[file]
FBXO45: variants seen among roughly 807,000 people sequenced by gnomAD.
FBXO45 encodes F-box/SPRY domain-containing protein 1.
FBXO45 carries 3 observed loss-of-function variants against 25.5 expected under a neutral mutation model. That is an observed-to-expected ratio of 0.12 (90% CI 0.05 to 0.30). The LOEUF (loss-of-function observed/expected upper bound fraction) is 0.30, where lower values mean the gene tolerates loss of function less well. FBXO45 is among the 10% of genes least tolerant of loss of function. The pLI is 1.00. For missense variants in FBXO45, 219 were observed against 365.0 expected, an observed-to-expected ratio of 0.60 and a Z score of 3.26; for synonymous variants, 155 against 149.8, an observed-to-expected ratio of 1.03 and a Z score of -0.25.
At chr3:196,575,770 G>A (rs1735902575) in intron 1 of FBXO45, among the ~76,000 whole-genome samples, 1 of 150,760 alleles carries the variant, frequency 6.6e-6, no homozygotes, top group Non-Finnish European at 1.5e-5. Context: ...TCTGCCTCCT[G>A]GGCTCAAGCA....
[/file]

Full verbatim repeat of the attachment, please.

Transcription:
FBXO45: variants seen among roughly 807,000 people sequenced by gnomAD.
FBXO45 encodes F-box/SPRY domain-containing protein 1.
FBXO45 carries 3 observed loss-of-function variants against 25.5 expected under a neutral mutation model. That is an observed-to-expected ratio of 0.12 (90% CI 0.05 to 0.30). The LOEUF (loss-of-function observed/expected upper bound fraction) is 0.30, where lower values mean the gene tolerates loss of function less well. FBXO45 is among the 10% of genes least tolerant of loss of function. The pLI is 1.00. For missense variants in FBXO45, 219 were observed against 365.0 expected, an observed-to-expected ratio of 0.60 and a Z score of 3.26; for synonymous variants, 155 against 149.8, an observed-to-expected ratio of 1.03 and a Z score of -0.25.
At chr3:196,575,770 G>A (rs1735902575) in intron 1 of FBXO45, among the ~76,000 whole-genome samples, 1 of 150,760 alleles carries the variant, frequency 6.6e-6, no homozygotes, top group Non-Finnish European at 1.5e-5. Context: ...TCTGCCTCCT[G>A]GGCTCAAGCA....